PSP games MotorStorm: Arctic Edge, Everybody's Tennis and Super Collapse were all temporarily removed from the PlayStation Store because they were vulnerable to an exploit that allowed a homebrew-enabling program called Half-Byte Loader to run on Vita.
Intrigued, Eurogamer tracked down Half-Byte Loader's French author Erwan - also known as Wololo - to find out more.
What's Sony's problem - the threat of piracy?
"This has never been Sony's argument," Erwan answered. "They actually never made any official statement about Half-Byte Loader.
"The argument that Half-Byte Loader enables piracy usually comes from gamers who are not correctly informed, as HBL does not enable piracy.
"I believe Sony fights against Half-Byte Loader mostly to keep their image - it would be bad for them to 'give up' against hackers in the very first months of the Vita, they have to show to their partners (especially video game editors) that the platform is secure, and that they plan to keep it this way for as long as possible."
Erwan stressed that "it is not possible to run pirated PSP or Vita games with HBL, not only for ethical reasons, but because it is not technically possible".
The PSP has a security model that uses two layers: a restricted user mode and unrestricted kernel mode. Half-Byte Loader runs in the restricted mode.
"Loading pirated PSP games from user mode is, if not impossible, extremely difficult, and would require advanced knowledge of the PSP system," explained Erwan. "So advanced that whoever would want to do that would have better luck trying to find more advanced exploits on the console than programming all the code required to load a pirated PSP game through HBL. "
"I believe Sony fights against Half Byte Loader mostly to keep their image - it would be bad for them to 'give up' against hackers in the very first months of the Vita."Erwan aka Wololo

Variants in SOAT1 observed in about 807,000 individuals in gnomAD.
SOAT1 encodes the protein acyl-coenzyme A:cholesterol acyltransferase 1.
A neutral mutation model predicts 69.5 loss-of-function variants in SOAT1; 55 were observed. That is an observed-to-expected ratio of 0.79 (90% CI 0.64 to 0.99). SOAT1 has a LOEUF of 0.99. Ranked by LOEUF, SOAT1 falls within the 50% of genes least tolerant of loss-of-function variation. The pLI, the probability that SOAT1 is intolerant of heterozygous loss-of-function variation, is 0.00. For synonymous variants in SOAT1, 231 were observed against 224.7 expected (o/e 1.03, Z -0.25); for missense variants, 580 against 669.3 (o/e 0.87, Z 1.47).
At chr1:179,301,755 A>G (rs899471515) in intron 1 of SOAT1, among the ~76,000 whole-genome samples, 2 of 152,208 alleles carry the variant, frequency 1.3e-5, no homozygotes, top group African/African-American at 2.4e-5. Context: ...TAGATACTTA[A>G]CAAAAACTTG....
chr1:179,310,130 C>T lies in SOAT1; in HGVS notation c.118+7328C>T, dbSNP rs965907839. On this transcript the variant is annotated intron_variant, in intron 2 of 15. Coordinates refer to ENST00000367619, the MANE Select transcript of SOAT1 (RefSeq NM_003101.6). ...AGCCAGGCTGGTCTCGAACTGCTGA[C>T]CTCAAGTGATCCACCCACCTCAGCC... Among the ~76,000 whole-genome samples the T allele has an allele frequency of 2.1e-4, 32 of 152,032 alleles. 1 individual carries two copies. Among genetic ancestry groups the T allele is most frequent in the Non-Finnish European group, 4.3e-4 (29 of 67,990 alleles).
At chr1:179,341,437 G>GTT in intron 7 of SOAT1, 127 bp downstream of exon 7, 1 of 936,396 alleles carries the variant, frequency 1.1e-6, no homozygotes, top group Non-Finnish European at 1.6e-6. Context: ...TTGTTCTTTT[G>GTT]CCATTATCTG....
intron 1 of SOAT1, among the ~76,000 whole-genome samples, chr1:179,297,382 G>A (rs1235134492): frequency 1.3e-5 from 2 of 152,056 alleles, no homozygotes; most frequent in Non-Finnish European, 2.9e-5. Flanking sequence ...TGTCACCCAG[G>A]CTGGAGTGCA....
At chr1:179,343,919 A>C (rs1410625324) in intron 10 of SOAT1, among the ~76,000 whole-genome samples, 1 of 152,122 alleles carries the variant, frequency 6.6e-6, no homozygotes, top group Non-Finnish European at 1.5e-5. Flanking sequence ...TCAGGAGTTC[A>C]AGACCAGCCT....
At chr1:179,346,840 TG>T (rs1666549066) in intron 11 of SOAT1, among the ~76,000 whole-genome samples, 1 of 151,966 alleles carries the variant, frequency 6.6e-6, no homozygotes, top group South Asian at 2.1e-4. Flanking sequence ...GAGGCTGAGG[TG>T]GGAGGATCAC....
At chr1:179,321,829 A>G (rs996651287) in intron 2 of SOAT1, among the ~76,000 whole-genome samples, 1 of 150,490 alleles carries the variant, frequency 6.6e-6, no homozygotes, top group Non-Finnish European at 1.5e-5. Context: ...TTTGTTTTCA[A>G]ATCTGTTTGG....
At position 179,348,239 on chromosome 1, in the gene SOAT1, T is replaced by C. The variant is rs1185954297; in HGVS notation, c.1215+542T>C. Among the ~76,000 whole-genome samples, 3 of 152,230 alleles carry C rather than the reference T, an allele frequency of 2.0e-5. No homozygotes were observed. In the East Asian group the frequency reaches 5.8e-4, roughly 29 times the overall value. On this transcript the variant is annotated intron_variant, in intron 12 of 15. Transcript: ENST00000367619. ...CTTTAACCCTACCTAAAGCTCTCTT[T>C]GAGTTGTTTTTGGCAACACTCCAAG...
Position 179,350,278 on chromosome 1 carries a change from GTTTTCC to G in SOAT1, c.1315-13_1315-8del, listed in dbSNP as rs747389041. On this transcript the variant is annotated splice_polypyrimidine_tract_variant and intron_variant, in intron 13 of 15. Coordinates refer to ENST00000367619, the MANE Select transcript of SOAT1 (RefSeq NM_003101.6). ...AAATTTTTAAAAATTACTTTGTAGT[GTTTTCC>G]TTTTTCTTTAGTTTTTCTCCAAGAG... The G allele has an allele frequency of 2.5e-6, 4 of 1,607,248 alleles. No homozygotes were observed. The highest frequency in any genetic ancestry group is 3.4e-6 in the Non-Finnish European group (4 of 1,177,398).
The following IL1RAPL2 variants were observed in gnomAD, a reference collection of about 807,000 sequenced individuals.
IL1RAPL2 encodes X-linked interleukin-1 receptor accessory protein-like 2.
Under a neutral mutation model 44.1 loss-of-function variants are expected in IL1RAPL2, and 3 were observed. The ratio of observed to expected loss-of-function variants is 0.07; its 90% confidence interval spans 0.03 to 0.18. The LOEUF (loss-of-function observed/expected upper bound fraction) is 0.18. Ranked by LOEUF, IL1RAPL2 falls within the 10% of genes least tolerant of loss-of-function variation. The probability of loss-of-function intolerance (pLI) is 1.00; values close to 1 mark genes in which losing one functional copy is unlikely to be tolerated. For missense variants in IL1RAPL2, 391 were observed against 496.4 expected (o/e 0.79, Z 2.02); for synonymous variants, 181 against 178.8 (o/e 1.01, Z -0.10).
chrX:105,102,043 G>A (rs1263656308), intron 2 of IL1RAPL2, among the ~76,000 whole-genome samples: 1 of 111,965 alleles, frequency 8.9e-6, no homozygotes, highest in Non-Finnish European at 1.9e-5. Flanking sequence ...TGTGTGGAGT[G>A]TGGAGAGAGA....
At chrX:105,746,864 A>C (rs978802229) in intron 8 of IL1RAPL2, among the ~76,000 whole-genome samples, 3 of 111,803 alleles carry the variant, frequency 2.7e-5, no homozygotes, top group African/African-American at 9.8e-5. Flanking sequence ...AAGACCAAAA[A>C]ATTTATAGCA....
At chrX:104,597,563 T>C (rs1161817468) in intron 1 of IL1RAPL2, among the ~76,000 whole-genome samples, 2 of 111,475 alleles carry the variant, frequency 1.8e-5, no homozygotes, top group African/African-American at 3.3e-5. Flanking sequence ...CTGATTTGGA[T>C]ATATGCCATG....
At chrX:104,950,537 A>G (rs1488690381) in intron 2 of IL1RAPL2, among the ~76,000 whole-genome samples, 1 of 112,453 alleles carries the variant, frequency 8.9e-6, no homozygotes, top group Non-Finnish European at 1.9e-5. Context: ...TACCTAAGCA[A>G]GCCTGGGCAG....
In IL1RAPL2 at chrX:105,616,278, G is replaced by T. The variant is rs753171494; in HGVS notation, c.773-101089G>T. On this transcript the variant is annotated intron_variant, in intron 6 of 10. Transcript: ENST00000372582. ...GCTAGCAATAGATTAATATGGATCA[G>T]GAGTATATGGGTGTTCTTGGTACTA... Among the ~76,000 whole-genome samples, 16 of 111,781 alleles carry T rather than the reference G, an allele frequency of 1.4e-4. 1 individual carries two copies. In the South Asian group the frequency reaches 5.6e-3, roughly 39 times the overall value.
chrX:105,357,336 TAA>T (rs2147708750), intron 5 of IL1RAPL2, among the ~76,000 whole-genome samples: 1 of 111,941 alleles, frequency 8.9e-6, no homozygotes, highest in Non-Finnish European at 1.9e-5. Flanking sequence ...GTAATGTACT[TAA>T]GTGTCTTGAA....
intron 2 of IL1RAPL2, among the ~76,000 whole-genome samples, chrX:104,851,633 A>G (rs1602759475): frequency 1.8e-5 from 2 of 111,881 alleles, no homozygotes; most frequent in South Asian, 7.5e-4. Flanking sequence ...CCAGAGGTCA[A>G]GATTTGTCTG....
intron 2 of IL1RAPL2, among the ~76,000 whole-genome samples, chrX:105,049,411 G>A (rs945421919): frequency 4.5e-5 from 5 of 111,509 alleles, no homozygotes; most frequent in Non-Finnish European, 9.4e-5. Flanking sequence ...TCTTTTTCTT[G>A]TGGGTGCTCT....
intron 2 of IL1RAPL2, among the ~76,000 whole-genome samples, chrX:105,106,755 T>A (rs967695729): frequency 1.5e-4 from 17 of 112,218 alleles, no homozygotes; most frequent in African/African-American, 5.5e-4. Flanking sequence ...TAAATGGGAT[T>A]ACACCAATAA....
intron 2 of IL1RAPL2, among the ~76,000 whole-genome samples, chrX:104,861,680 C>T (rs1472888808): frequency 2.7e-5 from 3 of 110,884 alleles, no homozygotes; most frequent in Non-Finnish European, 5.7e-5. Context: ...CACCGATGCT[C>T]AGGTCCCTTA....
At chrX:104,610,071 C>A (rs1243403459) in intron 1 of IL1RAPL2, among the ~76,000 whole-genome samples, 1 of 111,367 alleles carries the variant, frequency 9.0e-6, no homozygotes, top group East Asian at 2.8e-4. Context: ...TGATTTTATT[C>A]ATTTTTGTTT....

Many hackers have tried and "failed" to run pirated games using Half-Byte Loader on PSP, Erwan revealed. On Vita, "this is even more impossible", as the PSP emulator runs in an even more restricted mode.
Half-Byte Loader allows homebrewed applications and games to run, as well as emulators. Getting it working involves finding a vulnerable game, and that takes "lots of time and some luck". Then, Erwan makes a special kind of saved game and tests it to see if it crashes the console. "It can take hours, weeks or months because many games need to be tested," he told us.
Luckily, he gets help from the community surrounding his Wololo.net blog. "I am now aware of about a dozen games with an undisclosed vulnerability, in the PSP library," he whispered, and some were discovered by "unknown" or "novice" hackers.
With a vulnerable game found, Erwan can then test unsigned code. "This is usually done by running a small piece of code that displays a message or an animation on the screen, called a 'hello world'," he explained. For anyone with "a bit" of experience, this takes less than an hour, apparently.
The final step is porting Half-Byte Loader to the game, which can take anywhere between five and 30 hours. This wild fluctuation is born of different games using different functions of the SDK, or "different pieces of the PSP", if you like. Therefore, even if a game can run "hello world", it still may never run Half-Byte Loader - not if "critical" pieces/functions are absent.
Given that, you can understand Sony's stern stance on piracy or technology closely related to it. But Erwan isn't worried about the legal repercussions, about being the next Geohot in Sony's crosshairs.
"I have never been contacted by Sony in the past four years since I started my blog," he told us.
"My work is not illegal (at least not in my country, France). In particular, we are not bypassing any DRM, and are not giving people any possibility to do so.
"[The PSP had] several critical flaws in the early models, which allowed hackers to know a lot about it very quickly."Erwan
"What Geohot did with the PS3 was give people the keys to the system. Eventually, this could have led to massive piracy, and the loss of all security on the PS3. In a court, it could have been fairly easy for Sony to prove that this was impacting their business significantly (in a negative way). HBL, on the other hand, does not significantly endanger Sony's business on the PSP or the Vita.
"As I said above, it's a matter of image," he added. "Even though HBL is quite harmless, they have to show a 'zero tolerance' policy in order to get some trust from game editors. I am also thinking that they are extremely worried that even a harmless hack could lead to something bigger, so they probably want to shut it down as soon as possible, in a 'better safe than sorry' type of policy. Which is perfectly understandable, by the way."